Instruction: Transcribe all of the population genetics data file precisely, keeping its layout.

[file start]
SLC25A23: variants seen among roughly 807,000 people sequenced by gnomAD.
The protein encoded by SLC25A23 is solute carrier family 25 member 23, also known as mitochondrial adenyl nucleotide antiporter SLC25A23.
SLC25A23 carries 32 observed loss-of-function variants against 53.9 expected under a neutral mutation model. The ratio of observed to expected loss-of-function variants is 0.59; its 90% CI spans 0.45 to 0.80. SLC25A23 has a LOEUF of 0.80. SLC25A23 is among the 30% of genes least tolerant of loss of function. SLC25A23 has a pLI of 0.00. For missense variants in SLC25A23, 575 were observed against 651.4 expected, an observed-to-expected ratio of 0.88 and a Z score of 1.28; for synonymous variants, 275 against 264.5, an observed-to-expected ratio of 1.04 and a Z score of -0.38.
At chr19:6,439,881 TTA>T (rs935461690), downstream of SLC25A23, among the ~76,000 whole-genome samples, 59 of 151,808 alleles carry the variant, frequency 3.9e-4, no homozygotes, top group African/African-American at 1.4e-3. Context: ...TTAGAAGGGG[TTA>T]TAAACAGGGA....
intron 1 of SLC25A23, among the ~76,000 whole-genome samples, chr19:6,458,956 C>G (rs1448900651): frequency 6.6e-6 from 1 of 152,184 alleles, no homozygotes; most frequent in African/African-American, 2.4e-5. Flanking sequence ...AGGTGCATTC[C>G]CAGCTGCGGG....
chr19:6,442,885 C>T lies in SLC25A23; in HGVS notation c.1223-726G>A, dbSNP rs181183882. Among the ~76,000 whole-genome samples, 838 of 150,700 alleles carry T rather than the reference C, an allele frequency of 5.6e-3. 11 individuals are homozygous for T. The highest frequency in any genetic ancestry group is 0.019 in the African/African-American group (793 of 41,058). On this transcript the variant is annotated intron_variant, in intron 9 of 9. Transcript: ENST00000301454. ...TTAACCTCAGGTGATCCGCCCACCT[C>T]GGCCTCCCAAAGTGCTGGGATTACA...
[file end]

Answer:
SLC25A23: variants seen among roughly 807,000 people sequenced by gnomAD.
The protein encoded by SLC25A23 is solute carrier family 25 member 23, also known as mitochondrial adenyl nucleotide antiporter SLC25A23.
SLC25A23 carries 32 observed loss-of-function variants against 53.9 expected under a neutral mutation model. The ratio of observed to expected loss-of-function variants is 0.59; its 90% CI spans 0.45 to 0.80. SLC25A23 has a LOEUF of 0.80. SLC25A23 is among the 30% of genes least tolerant of loss of function. SLC25A23 has a pLI of 0.00. For missense variants in SLC25A23, 575 were observed against 651.4 expected, an observed-to-expected ratio of 0.88 and a Z score of 1.28; for synonymous variants, 275 against 264.5, an observed-to-expected ratio of 1.04 and a Z score of -0.38.
At chr19:6,439,881 TTA>T (rs935461690), downstream of SLC25A23, among the ~76,000 whole-genome samples, 59 of 151,808 alleles carry the variant, frequency 3.9e-4, no homozygotes, top group African/African-American at 1.4e-3. Context: ...TTAGAAGGGG[TTA>T]TAAACAGGGA....
intron 1 of SLC25A23, among the ~76,000 whole-genome samples, chr19:6,458,956 C>G (rs1448900651): frequency 6.6e-6 from 1 of 152,184 alleles, no homozygotes; most frequent in African/African-American, 2.4e-5. Flanking sequence ...AGGTGCATTC[C>G]CAGCTGCGGG....
chr19:6,442,885 C>T lies in SLC25A23; in HGVS notation c.1223-726G>A, dbSNP rs181183882. Among the ~76,000 whole-genome samples, 838 of 150,700 alleles carry T rather than the reference C, an allele frequency of 5.6e-3. 11 individuals are homozygous for T. The highest frequency in any genetic ancestry group is 0.019 in the African/African-American group (793 of 41,058). On this transcript the variant is annotated intron_variant, in intron 9 of 9. Transcript: ENST00000301454. ...TTAACCTCAGGTGATCCGCCCACCT[C>T]GGCCTCCCAAAGTGCTGGGATTACA...